Moving on to wrapping up our gardening month, this hasn't been one of our better months. I've been down with a lung infection for weeks, so not a lot got done.

We did begin the month harvesting some lovely lettuce. Just about the time we used up what we'd picked, really cold weather took the rest of our lettuce despite it being covered with a floating row cover. And of course, that happened just about the time when an E. Coli outbreak was announced in most of the romaine lettuce sold in stores.

We saved a lot of seed this month, most of it still in the drying down, ready to winnow stage. Our experiment with saving Goliath broccoli seed got cut short by hard freezes mid-month. The broccoli does have seed pods on it, but I'm not sure they are far enough along to produce good seed.

Broccoli stems with seed pods

One thing I learned from this experiment is that you need to have more than one broccoli plant in bloom at a time so that cross pollination can occur. Our first broccoli that bloomed so beautifully did so by itself and produced no seed pods. I also learned that broccoli takes a long time to produce seed. The next time we try for a seed crop, it will be a spring planting where we can leave the broccoli in the ground until it matures seed, probably some four months later!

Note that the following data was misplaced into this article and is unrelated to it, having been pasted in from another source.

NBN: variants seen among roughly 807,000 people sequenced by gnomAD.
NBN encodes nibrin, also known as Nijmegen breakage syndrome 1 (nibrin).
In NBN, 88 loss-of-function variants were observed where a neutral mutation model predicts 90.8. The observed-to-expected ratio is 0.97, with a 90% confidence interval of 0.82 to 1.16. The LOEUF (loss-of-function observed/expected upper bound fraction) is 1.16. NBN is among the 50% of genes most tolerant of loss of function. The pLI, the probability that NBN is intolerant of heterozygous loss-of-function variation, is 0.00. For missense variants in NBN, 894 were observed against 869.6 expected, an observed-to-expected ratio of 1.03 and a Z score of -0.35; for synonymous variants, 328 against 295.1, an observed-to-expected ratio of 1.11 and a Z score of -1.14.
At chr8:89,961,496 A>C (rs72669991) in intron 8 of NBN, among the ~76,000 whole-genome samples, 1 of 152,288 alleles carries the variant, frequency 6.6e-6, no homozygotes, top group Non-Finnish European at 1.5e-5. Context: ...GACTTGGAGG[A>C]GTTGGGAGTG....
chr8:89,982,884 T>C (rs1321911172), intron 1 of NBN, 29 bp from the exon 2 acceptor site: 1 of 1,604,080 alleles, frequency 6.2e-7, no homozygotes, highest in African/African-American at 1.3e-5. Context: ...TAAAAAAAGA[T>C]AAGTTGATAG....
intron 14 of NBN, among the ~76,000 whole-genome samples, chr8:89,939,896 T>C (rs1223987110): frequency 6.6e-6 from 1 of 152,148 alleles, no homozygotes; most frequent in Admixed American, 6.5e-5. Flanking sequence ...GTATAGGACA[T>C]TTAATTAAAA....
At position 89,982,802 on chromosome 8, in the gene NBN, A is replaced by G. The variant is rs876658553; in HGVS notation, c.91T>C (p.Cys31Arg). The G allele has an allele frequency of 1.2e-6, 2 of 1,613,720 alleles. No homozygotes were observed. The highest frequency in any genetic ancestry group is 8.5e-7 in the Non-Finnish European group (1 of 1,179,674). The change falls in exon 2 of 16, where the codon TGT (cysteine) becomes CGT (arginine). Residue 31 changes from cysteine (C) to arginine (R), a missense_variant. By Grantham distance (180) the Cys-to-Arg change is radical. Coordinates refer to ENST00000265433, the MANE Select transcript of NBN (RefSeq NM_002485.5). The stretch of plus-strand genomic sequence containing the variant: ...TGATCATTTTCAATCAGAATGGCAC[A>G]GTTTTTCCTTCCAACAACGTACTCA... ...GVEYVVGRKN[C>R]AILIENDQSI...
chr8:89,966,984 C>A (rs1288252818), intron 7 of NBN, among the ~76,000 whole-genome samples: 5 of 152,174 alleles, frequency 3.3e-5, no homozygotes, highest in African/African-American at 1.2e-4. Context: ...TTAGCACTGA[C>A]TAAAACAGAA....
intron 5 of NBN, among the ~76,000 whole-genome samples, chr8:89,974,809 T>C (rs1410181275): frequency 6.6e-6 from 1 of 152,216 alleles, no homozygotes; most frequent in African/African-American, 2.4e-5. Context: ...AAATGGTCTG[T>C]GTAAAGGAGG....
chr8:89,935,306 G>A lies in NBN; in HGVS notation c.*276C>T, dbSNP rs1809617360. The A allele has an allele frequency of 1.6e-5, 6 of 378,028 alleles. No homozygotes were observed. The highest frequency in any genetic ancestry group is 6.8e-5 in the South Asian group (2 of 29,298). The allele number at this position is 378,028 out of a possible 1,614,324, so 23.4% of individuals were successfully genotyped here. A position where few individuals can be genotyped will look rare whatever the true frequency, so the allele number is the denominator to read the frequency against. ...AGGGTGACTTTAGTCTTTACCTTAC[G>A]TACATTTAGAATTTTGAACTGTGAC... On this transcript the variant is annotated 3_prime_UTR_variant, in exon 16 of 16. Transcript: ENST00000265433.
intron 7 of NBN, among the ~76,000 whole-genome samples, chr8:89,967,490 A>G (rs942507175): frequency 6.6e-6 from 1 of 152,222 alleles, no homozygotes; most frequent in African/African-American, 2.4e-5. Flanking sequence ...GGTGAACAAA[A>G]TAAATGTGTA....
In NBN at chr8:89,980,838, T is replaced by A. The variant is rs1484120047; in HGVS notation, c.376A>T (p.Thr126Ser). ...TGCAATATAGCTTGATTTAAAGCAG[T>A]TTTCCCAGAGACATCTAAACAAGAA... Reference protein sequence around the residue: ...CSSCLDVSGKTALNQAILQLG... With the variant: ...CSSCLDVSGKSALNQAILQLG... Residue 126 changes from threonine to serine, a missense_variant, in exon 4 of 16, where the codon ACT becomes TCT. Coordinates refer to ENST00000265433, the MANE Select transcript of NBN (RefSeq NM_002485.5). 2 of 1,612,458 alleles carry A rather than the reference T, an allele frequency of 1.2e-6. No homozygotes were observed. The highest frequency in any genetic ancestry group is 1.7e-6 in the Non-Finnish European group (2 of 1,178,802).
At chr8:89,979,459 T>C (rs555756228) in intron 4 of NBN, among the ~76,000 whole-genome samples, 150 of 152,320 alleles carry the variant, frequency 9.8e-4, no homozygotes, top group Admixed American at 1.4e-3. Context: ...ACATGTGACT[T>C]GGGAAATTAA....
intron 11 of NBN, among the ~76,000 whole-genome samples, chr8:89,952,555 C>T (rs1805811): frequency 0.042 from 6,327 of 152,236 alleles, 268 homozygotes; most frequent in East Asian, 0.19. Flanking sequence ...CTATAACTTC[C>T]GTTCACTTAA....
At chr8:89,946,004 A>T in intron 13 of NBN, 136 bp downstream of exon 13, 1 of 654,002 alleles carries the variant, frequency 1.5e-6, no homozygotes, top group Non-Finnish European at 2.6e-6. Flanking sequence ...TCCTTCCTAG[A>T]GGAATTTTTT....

Seed catalogs have started to come in this month. Several seed houses note on their catalog request pages that paper catalogs won't be mailed out until December or January. So far, we have paper catalogs from Twilley Seeds, High Mowing Organic Seeds, and Fedco Seeds...along with a couple of others not worth mentioning. I also downloaded the Stokes Seeds commercial grower catalog.

One last thing to mention is that I published our annual list of trusted seed suppliers and also updated our permanent page of Recommended Seed Suppliers.

Burpee Gardening